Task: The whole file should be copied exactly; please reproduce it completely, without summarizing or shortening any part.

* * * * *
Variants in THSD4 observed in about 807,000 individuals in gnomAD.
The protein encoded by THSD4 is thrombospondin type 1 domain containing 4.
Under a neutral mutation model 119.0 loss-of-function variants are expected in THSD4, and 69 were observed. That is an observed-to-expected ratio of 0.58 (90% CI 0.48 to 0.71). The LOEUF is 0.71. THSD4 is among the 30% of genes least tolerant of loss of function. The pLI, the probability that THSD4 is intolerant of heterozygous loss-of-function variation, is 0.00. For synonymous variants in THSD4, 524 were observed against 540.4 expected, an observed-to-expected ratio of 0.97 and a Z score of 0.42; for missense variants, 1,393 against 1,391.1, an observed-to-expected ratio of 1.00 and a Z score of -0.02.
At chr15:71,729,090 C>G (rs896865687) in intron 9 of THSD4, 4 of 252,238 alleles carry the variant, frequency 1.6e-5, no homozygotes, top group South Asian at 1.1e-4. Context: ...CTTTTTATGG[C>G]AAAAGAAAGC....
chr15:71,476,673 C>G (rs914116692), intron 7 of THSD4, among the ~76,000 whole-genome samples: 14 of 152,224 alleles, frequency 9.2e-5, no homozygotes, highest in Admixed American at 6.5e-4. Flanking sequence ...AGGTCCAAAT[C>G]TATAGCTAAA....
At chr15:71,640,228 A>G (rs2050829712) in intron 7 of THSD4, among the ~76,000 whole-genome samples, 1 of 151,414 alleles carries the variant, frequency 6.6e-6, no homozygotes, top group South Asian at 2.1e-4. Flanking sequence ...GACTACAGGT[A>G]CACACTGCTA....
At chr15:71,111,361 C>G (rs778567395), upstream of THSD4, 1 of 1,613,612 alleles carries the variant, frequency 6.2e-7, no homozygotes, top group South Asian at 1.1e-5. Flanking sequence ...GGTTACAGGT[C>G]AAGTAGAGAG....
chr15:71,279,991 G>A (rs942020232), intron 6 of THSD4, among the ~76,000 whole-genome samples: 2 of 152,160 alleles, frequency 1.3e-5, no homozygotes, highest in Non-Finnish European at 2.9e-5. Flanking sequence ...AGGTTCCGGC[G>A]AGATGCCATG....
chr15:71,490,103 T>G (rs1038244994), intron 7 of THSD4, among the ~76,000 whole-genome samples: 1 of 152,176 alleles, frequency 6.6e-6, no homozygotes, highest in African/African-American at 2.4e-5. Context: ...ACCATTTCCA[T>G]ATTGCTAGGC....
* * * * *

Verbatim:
Variants in THSD4 observed in about 807,000 individuals in gnomAD.
The protein encoded by THSD4 is thrombospondin type 1 domain containing 4.
Under a neutral mutation model 119.0 loss-of-function variants are expected in THSD4, and 69 were observed. That is an observed-to-expected ratio of 0.58 (90% CI 0.48 to 0.71). The LOEUF is 0.71. THSD4 is among the 30% of genes least tolerant of loss of function. The pLI, the probability that THSD4 is intolerant of heterozygous loss-of-function variation, is 0.00. For synonymous variants in THSD4, 524 were observed against 540.4 expected, an observed-to-expected ratio of 0.97 and a Z score of 0.42; for missense variants, 1,393 against 1,391.1, an observed-to-expected ratio of 1.00 and a Z score of -0.02.
At chr15:71,729,090 C>G (rs896865687) in intron 9 of THSD4, 4 of 252,238 alleles carry the variant, frequency 1.6e-5, no homozygotes, top group South Asian at 1.1e-4. Context: ...CTTTTTATGG[C>G]AAAAGAAAGC....
chr15:71,476,673 C>G (rs914116692), intron 7 of THSD4, among the ~76,000 whole-genome samples: 14 of 152,224 alleles, frequency 9.2e-5, no homozygotes, highest in Admixed American at 6.5e-4. Flanking sequence ...AGGTCCAAAT[C>G]TATAGCTAAA....
At chr15:71,640,228 A>G (rs2050829712) in intron 7 of THSD4, among the ~76,000 whole-genome samples, 1 of 151,414 alleles carries the variant, frequency 6.6e-6, no homozygotes, top group South Asian at 2.1e-4. Flanking sequence ...GACTACAGGT[A>G]CACACTGCTA....
At chr15:71,111,361 C>G (rs778567395), upstream of THSD4, 1 of 1,613,612 alleles carries the variant, frequency 6.2e-7, no homozygotes, top group South Asian at 1.1e-5. Flanking sequence ...GGTTACAGGT[C>G]AAGTAGAGAG....
chr15:71,279,991 G>A (rs942020232), intron 6 of THSD4, among the ~76,000 whole-genome samples: 2 of 152,160 alleles, frequency 1.3e-5, no homozygotes, highest in Non-Finnish European at 2.9e-5. Flanking sequence ...AGGTTCCGGC[G>A]AGATGCCATG....
chr15:71,490,103 T>G (rs1038244994), intron 7 of THSD4, among the ~76,000 whole-genome samples: 1 of 152,176 alleles, frequency 6.6e-6, no homozygotes, highest in African/African-American at 2.4e-5. Context: ...ACCATTTCCA[T>G]ATTGCTAGGC....